War Whoop of Folly
September 21, 2001
George W. Bush's speech to the nation Thursday night was one of the most bellicose ever delivered.
Macho in rhetoric, endless in scope, the speech will go down in history as a war whoop of folly.
In front of a Congress that abdicated its own war-making responsibilities, Bush went well beyond even the extraordinarily loose parameters Congress set last week when it authorized the use of force.
Congress said Bush could retaliate against those "nations, organizations, or persons" that he determines were involved in the September 11 attack. But Bush doesn't feel bound by that.
"Our war on terror begins with Al Qaeda, but it does not end there," he said. "It will not end until every terrorist group of global reach has been found, stopped, and defeated."
Bush has assumed regal powers. Like emperors of old, he is sending his legions to the farthest corners of the world, daring anyone to step in his way.
"Every nation in every region now has a decision to make. Either you are with us, or you are with the terrorists," he said.
He blithely acted as though U.S. allies were, by definition, lovers of democracy. "This is the flight of all who believe in progress and pluralism, tolerance and freedom," he said, heedless of Saudi Arabia's repressive monarchy and Pakistan's military rule.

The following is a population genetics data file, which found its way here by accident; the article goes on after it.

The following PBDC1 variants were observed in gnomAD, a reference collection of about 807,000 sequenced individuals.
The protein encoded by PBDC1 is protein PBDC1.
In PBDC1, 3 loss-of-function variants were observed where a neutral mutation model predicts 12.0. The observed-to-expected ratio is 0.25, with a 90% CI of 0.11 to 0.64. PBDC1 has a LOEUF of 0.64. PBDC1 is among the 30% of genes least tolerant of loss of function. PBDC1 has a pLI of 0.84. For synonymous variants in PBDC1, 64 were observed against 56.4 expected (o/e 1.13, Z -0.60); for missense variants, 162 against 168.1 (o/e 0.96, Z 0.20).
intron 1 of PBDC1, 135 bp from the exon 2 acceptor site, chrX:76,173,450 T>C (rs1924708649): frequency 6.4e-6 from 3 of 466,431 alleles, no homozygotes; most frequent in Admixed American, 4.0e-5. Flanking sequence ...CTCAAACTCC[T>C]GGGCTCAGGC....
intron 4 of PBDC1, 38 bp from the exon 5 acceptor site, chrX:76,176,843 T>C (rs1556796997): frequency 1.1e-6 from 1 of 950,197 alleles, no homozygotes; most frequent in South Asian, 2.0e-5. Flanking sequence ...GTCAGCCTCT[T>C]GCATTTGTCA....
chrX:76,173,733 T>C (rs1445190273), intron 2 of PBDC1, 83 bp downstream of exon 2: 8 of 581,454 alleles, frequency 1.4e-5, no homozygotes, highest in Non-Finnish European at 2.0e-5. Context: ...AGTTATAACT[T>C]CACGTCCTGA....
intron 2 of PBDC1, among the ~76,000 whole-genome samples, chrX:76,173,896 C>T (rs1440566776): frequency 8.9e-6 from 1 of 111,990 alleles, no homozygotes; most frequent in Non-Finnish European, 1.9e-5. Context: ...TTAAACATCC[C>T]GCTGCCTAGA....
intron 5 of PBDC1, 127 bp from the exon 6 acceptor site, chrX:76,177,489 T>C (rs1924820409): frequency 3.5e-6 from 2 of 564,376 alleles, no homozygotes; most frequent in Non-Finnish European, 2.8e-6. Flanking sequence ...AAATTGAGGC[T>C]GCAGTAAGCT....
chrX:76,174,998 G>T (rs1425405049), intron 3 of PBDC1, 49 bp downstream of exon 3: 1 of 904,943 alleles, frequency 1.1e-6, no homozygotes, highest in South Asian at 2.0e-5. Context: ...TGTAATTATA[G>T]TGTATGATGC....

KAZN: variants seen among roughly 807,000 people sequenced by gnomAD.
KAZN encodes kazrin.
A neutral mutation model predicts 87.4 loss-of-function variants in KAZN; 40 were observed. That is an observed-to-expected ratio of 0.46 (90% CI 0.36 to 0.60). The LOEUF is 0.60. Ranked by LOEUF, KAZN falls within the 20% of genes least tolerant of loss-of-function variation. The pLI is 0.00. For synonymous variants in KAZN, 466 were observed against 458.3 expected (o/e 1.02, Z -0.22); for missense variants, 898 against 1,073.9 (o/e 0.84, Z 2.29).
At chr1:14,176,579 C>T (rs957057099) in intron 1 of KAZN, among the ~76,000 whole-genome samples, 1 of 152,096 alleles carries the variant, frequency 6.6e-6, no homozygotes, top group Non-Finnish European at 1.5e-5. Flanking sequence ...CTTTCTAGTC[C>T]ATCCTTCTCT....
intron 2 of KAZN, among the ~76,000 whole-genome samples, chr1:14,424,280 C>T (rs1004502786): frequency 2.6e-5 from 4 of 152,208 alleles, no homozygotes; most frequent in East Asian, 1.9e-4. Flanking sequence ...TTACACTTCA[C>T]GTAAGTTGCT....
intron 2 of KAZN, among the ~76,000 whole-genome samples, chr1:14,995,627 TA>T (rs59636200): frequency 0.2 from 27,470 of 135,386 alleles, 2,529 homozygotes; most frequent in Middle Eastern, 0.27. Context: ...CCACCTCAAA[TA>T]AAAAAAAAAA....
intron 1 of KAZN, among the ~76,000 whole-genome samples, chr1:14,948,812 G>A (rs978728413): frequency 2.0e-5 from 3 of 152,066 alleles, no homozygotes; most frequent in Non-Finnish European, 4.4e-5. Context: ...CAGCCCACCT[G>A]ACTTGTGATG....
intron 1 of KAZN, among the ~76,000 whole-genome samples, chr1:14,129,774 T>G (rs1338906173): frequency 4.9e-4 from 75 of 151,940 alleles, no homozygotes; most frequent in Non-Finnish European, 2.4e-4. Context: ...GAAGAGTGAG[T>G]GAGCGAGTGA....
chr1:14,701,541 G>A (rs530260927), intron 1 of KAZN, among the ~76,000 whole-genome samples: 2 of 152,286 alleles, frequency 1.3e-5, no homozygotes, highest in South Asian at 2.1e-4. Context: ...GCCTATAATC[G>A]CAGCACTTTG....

"From this day forward, any nation that continues to harbor or support terrorism will be regarded by the United States as a hostile regime," he warned.
How many nations will the United States attack?
How many innocent people will the United States kill in the process?
And what will the consequences be?
For every terrorist the U.S. kills, two terrorists may arise in his place.
For every innocent person the U.S. kills, five or ten terrorists may arise.
And the suicide attacks will proliferate, and the disproportionate responses from Washington will proliferate, and around and around we'll go.
"Returning hate for hate multiplies hate," Martin Luther King Jr. wrote. "Violence multiplies violence, and toughness multiplies toughness in a descending spiral of destruction."
We are about to go down that spiral of destruction.